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Education Law – Interpretation of Legislation – Special Needs Transport

The case of Sim v Argyll and Bute Council [2006], involved the provision of transport to and from a special needs school for a pupil suffering from a number of conditions which affected his learning ability. A petition was brought by the mother of J, who was 12 years old at the time of the hearing. J was due to commence secondary education at Tarbert Academy in August 2006. In November 2002 the respondents opened a record of needs for J in terms of s.60(2) of the Education (Scotland) Act 1980 (“the 1980 Act”).

J suffered from a combination of difficulties including dyspraxia, developmental language delay and epilepsy. As a result, a typical school day left him very tired. One of the measures proposed by the respondents to meet J's special education needs was the provision of transport to and from school. J had received primary education at Tighnabruaich Primary School. A meeting was held at the primary school in 2005 to attempt to make plans for J's transition to secondary education. There was agreement at the meeting that a place should be sought for J at Tarbert Academy.

There was a school bus service from Tighnabruaich to Dunoon. However, it left before 8.00 am and returned after 5.00 pm, and J would not have been able to cope with a school day of that length. The respondents put in place arrangements for J to attend Tarbert Academy as from August 2006. The complaint was that they had refused to provide transport to and from that school.

In the petition, the primary ground for the relief sought was that, with regards to the Education (Additional Support Learning) (Scotland) Act 2004 (“the 2004 Act”), the respondents were under a duty to provide J with transport to Tarbert Academy. The 2004 Act only came into force in November 2005. J had not yet been assessed for the purposes of the 2004 Act by the time the petition was brought. The only such assessment which had been carried out with regard to J was his record of needs, which was carried out under the 1980 Act.

The petitioner placed reliance on the transitional provisions contained in s.30 of the 2004 Act. The respondents accepted that they were subject to the obligation outlined by s.30(4) of the 2004 Act. This obligation was to provide additional support for J which was 'no less than' that which was previously supplied to him under s.62(3) of the 1980 Act.

The petitioner argued that the additional support in place when the 2004 Act came into force included the provision of transport to and from school. The respondents argued that whilst that might have been so in connection with J's attendance at primary school, the record of needs said nothing about transport to and from secondary school. They submitted that there was no obligation on them, as the education authority, to provide transport for J to secondary school. They therefore said that there was nothing in terms of a transport provision with which the transitional provisions of s.30(4) could be connected.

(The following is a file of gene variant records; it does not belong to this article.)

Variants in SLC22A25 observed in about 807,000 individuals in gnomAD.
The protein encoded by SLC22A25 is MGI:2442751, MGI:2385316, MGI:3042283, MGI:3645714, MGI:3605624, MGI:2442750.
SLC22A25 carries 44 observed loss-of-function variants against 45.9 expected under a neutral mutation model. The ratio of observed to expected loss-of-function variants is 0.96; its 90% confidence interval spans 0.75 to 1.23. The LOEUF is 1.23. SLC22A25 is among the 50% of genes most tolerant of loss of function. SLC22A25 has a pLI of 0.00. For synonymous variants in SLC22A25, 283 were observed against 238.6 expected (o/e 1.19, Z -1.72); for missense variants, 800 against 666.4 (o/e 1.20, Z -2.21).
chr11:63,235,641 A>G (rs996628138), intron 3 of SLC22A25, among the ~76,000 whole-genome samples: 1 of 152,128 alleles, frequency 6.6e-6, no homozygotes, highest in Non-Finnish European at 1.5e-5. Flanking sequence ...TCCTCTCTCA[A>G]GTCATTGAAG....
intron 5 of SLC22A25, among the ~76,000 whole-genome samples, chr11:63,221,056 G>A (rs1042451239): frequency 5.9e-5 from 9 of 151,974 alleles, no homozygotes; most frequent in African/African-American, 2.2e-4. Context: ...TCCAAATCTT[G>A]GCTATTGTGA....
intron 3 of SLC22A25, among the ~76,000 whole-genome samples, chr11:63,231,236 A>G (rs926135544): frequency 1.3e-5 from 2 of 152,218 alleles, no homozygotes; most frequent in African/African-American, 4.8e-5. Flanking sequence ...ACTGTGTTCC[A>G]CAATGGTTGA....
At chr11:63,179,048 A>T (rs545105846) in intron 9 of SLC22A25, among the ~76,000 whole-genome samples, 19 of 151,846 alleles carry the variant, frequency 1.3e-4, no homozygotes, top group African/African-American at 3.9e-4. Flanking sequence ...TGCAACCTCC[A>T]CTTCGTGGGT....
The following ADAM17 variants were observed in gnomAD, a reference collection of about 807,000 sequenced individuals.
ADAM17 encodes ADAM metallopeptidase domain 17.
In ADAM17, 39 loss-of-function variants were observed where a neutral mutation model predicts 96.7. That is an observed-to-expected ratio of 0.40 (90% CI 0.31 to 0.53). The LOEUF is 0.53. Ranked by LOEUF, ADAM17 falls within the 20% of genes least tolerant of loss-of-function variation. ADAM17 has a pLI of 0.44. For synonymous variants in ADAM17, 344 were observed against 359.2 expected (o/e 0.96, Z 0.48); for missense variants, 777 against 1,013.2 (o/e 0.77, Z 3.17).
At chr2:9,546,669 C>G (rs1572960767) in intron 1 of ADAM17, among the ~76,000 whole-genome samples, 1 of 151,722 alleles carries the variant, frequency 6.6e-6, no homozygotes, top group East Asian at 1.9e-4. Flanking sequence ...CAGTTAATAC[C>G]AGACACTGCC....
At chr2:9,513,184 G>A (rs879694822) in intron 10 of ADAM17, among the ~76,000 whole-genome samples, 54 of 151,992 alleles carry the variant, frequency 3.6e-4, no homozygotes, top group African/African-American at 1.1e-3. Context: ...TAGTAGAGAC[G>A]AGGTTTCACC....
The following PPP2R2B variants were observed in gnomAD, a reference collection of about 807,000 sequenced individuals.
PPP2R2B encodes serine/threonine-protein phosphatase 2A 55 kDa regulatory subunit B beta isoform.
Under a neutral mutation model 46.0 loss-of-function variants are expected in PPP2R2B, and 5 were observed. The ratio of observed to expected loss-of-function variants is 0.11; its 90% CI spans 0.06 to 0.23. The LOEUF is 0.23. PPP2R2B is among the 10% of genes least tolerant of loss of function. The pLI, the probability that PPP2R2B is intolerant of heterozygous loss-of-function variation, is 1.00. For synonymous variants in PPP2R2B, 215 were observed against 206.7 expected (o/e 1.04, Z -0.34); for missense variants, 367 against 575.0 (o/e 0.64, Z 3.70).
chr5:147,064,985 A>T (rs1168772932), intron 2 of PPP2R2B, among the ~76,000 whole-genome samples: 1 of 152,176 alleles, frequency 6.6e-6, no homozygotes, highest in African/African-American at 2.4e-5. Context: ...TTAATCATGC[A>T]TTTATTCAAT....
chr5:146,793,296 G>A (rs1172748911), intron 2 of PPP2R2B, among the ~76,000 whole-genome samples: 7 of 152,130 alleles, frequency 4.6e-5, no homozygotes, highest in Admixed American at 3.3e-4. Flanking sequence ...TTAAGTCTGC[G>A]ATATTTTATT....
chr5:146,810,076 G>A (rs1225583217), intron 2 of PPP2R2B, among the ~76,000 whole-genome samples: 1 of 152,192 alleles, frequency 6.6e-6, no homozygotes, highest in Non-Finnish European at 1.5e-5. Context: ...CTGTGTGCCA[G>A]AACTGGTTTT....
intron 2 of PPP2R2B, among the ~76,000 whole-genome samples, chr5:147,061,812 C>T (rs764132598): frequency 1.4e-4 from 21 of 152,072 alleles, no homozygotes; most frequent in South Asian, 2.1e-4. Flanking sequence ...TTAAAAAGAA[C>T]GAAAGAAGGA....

Furthermore, they argued that the transport they had provided for J in the past was not part of their provision for his special educational needs under s.62(3) of the 1980 Act, but was provided in their discretion under s.51 of the 1980 Act and so was not caught by the transitional provisions of the 2004 Act.

It was held that the prayer of the petition would be granted for the following two reasons:

Firstly, the obligation on the education authority under s.62(3) of the 1980 Act was to make such provision for the child's special educational needs as had been identified as necessary in the record of needs. The wording of s.1(5)(d)(ii) of the 1980 Act was wide enough to include within the definition of 'special educational needs' any need resulting from a disability which 'either prevents or hinders [the child] from making use of [the] educational facilities'.

The fact that the discretion existed under s.51 did not mean that the provision of transport could not be made as part of the arrangements made to meet the special educational needs of the child under s.62(3). In the court's opinion, the provision of transport to and from school whilst J was at primary school was part of the provision made by the respondents for his special educational needs in terms of s.62(3) of the 1980 Act.

Secondly, it could not be said that the record of needs became 'spent' once the child reached an age where he had to change schools. Once a secondary school had been identified, the recognised obligation to provide transport between home and school had to apply to the new school as it did to the old. It was held that if the position was to be changed, a review of the situation under s.65A of the 1980 Act should have been carried out. This could now be done in conjunction with a coordinated support plan under the 2004 Act.

Until then, the transitional provisions in s.30(4) required the education authority to continue to provide additional support to J to an extent and of a quality no less than he received under the 1980 Act. It was held that this included transport to and from school.

If you require further information please contact us at enquiries@rtcoopers.com or Visit http://www.rtcoopers.com/education.php

© RT COOPERS, 2007. This Briefing Note does not provide a comprehensive or complete statement of the law relating to the issues discussed nor does it constitute legal advice. It is intended only to highlight general issues. Specialist legal advice should always be sought in relation to particular circumstances.
 

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